The next interim analysis will be conducted after 184 deaths have occurred (two-thirds of total expected events) in the PACT trial. "At our current rate of enrollment we also anticipate having enrolled over 300 out of 330 total patients planned for the trial by the end of next year, " added Thornton.

(ECF No. 21-22, at 5). In the same press release, GenVec announced that "TNFerade has been granted Fast Track product designation by the U.S. Food and Drug Administration (FDA) for its proposed use in the treatment of locally advanced pancreatic cancer." ( Id. at 6).[6]

While GenVec "called the first interim analysis of the PACT Trial encouraging, ' certain efficacy data presented in the November 19, 2008[, ] press release was troubling, raising doubts about the drug." (ECF No. 20 ¶ 53). Indeed, these doubts were reflected in the NASDAQ Global Market, as "the Company's stock declined from a close of $11.50 on November 18, 2008[, ] to a close of $6.50 on November 19, 2008[, ] reaching a low of $3.80 on November 25, 2008." ( Id. at ¶ 54). As one analyst summarized in a November 19, 2008, article posted on TheStreet.com:

GenVec (GNVC) shares sank Wednesday despite what the company said was a positive update on its experimental pancreatic cancer drug TNFerade.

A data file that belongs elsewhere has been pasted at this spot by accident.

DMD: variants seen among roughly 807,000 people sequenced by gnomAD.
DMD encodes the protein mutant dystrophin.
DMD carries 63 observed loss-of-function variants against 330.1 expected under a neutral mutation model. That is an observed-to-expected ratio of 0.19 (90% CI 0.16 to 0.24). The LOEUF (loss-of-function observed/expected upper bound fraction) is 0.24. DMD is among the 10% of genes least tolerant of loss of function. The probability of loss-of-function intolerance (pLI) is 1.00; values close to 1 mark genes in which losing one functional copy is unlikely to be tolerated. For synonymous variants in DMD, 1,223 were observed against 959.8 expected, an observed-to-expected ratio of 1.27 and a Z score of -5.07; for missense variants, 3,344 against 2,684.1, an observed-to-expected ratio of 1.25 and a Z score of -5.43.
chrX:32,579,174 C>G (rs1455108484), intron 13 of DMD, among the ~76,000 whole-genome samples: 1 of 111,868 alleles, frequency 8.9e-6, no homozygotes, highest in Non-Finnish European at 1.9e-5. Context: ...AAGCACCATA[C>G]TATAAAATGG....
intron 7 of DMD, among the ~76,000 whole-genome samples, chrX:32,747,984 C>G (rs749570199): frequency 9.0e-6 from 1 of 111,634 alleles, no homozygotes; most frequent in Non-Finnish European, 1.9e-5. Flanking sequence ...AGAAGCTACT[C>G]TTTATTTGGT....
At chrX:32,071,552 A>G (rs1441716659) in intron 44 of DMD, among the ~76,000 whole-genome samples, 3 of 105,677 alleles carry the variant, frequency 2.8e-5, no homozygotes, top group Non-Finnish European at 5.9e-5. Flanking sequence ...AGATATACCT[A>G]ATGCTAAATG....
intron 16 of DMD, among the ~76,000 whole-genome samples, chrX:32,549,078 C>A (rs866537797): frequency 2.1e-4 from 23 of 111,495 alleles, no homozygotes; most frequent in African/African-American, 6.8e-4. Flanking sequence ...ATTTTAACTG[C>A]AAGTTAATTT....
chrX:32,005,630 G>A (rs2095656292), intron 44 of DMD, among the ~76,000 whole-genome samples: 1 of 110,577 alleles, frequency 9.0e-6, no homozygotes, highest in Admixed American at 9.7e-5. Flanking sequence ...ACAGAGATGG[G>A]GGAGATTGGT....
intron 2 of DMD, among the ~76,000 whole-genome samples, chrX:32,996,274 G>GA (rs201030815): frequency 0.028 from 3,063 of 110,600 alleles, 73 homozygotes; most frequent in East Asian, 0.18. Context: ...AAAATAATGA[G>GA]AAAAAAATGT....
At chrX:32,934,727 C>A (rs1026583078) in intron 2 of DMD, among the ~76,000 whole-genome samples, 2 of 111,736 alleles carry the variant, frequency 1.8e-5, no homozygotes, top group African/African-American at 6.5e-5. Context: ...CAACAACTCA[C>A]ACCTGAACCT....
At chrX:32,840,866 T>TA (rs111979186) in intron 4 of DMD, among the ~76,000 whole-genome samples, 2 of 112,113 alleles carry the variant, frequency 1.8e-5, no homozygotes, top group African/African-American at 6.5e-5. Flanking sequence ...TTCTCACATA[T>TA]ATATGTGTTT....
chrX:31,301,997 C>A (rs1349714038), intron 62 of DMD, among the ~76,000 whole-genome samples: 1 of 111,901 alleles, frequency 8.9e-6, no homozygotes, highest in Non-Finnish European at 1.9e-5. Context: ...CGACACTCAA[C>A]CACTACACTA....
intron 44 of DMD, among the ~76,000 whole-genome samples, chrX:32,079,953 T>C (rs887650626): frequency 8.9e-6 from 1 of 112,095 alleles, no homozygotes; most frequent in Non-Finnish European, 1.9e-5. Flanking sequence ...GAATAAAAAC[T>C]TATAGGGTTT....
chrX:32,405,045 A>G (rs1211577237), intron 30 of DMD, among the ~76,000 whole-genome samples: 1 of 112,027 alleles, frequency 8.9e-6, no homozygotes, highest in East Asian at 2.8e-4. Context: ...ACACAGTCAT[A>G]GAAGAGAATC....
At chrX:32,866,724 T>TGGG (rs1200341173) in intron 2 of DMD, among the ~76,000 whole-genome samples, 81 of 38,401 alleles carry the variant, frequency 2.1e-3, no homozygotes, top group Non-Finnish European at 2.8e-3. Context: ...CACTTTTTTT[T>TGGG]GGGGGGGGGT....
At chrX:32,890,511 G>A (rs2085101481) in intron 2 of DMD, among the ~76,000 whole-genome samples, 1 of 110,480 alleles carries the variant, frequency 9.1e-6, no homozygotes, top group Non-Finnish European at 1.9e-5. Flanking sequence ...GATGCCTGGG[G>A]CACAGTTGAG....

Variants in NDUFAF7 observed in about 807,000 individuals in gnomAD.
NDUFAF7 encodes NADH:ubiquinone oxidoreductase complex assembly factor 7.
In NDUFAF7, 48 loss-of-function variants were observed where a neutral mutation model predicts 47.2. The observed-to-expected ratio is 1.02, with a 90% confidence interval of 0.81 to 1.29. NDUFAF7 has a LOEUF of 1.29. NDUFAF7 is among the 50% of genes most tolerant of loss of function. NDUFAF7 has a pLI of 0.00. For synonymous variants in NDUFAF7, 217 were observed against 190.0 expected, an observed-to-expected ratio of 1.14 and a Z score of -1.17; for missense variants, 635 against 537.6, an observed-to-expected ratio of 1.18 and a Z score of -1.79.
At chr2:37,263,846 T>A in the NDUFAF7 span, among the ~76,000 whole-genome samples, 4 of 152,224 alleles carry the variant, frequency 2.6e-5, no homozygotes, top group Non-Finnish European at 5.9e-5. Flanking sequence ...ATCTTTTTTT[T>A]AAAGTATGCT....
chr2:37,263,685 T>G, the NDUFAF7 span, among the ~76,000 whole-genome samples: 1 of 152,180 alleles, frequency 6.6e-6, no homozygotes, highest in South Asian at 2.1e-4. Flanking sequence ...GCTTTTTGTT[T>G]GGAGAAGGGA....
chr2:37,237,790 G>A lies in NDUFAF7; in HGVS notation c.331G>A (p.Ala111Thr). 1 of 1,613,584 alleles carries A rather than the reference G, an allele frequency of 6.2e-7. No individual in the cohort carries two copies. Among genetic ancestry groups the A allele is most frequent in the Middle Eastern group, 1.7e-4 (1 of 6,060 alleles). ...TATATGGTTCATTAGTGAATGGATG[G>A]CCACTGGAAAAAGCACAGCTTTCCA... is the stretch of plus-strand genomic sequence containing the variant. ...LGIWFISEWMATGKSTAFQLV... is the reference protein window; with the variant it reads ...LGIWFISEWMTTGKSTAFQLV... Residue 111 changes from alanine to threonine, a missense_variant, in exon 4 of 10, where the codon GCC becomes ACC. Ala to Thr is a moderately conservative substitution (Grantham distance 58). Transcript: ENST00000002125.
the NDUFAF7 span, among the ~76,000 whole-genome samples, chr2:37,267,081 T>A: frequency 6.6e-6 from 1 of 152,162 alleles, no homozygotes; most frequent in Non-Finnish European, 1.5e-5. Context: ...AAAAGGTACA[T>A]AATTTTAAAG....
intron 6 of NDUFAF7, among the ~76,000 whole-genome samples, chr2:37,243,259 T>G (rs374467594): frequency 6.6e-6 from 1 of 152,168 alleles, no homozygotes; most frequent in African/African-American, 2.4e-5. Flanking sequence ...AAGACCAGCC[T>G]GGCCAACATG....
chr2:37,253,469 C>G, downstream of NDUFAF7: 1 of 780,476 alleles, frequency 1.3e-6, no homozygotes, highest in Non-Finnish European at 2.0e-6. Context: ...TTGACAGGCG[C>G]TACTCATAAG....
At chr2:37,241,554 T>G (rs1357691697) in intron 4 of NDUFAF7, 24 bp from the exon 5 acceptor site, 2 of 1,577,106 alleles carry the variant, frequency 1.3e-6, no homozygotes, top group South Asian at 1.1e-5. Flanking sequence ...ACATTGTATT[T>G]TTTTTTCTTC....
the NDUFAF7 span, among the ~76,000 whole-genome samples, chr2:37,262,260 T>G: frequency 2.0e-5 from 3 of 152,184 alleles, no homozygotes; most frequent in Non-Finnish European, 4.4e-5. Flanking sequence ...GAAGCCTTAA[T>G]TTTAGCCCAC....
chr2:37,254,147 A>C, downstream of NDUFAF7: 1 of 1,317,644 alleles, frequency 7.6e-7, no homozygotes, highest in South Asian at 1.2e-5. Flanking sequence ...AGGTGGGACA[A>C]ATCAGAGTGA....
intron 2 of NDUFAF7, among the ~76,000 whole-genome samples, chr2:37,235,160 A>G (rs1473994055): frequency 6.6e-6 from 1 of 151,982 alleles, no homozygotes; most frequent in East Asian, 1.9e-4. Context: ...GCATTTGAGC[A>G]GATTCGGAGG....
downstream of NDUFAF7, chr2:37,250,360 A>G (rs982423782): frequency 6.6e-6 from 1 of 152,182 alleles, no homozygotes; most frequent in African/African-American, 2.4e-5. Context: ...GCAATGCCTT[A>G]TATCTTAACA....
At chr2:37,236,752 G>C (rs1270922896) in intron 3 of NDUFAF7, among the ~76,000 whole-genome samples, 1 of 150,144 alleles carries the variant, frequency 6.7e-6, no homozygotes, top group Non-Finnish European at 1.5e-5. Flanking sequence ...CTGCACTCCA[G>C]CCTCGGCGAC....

Patients with pancreatic cancer treated with TNFerade plus a standard of care demonstrated a 25% lower risk of death than similar patients treated with standard of care alone, according to an interim analysis of a phase III study released by GenVec on Wednesday.
GenVec executives called these results encouraging and said the TNFerade study will continue. On the surface, the data do look positive. After all, pancreatic cancer is very difficult to treat, so if TNFerade is reducing the risk of death, there's reason for optimism.
Yet, GenVec shares sank [] after the company released the new data and held a conference call. Some potential concerns pop up once a deeper look is taken of the interim TNFerade results.
The 25% lower risk of death attributed to TNFerade corresponds to a "hazard ratio" of 0.75, according to the GenVec interim analysis.
....
The problem that GenVec may run into, however, is that the interim hazard ratio is likely to increase as this study matures, with more patients enrolled and more patients dying.
The interim analysis Wednesday was conducted after the 92nd patient in the study died.
The next interim analysis will be conducted after the 184th death, expected in late 2009. When that second interim analysis occurs, my guess is that the 25% reduction in the risk of death observed Wednesday will shrink considerably.
This is not just an off-the-cuff prediction. Other TNFerade data announced by GenVec Wednesday provides enough evidence to be wary ...